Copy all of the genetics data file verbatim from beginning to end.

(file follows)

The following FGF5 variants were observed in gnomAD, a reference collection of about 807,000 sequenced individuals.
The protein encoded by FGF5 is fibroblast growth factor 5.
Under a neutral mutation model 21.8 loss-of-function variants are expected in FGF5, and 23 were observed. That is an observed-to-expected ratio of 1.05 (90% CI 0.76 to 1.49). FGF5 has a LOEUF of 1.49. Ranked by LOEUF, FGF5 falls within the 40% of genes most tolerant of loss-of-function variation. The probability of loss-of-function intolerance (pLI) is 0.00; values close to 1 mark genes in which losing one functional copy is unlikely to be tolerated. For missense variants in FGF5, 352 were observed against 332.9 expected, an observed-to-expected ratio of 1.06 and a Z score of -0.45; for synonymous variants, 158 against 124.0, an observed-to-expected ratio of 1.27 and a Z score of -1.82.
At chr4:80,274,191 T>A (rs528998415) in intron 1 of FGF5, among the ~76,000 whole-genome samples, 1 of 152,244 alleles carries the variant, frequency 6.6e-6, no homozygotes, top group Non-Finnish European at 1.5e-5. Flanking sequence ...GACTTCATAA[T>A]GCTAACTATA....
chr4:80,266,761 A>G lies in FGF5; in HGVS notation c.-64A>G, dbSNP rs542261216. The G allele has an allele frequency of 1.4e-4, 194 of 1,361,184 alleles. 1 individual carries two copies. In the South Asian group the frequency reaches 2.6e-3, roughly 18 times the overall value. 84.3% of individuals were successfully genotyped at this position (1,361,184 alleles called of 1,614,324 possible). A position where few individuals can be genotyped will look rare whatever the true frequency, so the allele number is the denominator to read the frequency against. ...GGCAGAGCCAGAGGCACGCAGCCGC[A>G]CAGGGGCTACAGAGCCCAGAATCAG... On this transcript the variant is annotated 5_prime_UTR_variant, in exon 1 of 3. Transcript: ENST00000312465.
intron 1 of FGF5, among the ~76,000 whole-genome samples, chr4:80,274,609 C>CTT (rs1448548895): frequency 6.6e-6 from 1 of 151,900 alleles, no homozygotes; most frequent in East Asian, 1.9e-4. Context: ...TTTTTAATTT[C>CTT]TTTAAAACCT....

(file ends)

The following FGF5 variants were observed in gnomAD, a reference collection of about 807,000 sequenced individuals.
The protein encoded by FGF5 is fibroblast growth factor 5.
Under a neutral mutation model 21.8 loss-of-function variants are expected in FGF5, and 23 were observed. That is an observed-to-expected ratio of 1.05 (90% CI 0.76 to 1.49). FGF5 has a LOEUF of 1.49. Ranked by LOEUF, FGF5 falls within the 40% of genes most tolerant of loss-of-function variation. The probability of loss-of-function intolerance (pLI) is 0.00; values close to 1 mark genes in which losing one functional copy is unlikely to be tolerated. For missense variants in FGF5, 352 were observed against 332.9 expected, an observed-to-expected ratio of 1.06 and a Z score of -0.45; for synonymous variants, 158 against 124.0, an observed-to-expected ratio of 1.27 and a Z score of -1.82.
At chr4:80,274,191 T>A (rs528998415) in intron 1 of FGF5, among the ~76,000 whole-genome samples, 1 of 152,244 alleles carries the variant, frequency 6.6e-6, no homozygotes, top group Non-Finnish European at 1.5e-5. Flanking sequence ...GACTTCATAA[T>A]GCTAACTATA....
chr4:80,266,761 A>G lies in FGF5; in HGVS notation c.-64A>G, dbSNP rs542261216. The G allele has an allele frequency of 1.4e-4, 194 of 1,361,184 alleles. 1 individual carries two copies. In the South Asian group the frequency reaches 2.6e-3, roughly 18 times the overall value. 84.3% of individuals were successfully genotyped at this position (1,361,184 alleles called of 1,614,324 possible). A position where few individuals can be genotyped will look rare whatever the true frequency, so the allele number is the denominator to read the frequency against. ...GGCAGAGCCAGAGGCACGCAGCCGC[A>G]CAGGGGCTACAGAGCCCAGAATCAG... On this transcript the variant is annotated 5_prime_UTR_variant, in exon 1 of 3. Transcript: ENST00000312465.
intron 1 of FGF5, among the ~76,000 whole-genome samples, chr4:80,274,609 C>CTT (rs1448548895): frequency 6.6e-6 from 1 of 151,900 alleles, no homozygotes; most frequent in East Asian, 1.9e-4. Context: ...TTTTTAATTT[C>CTT]TTTAAAACCT....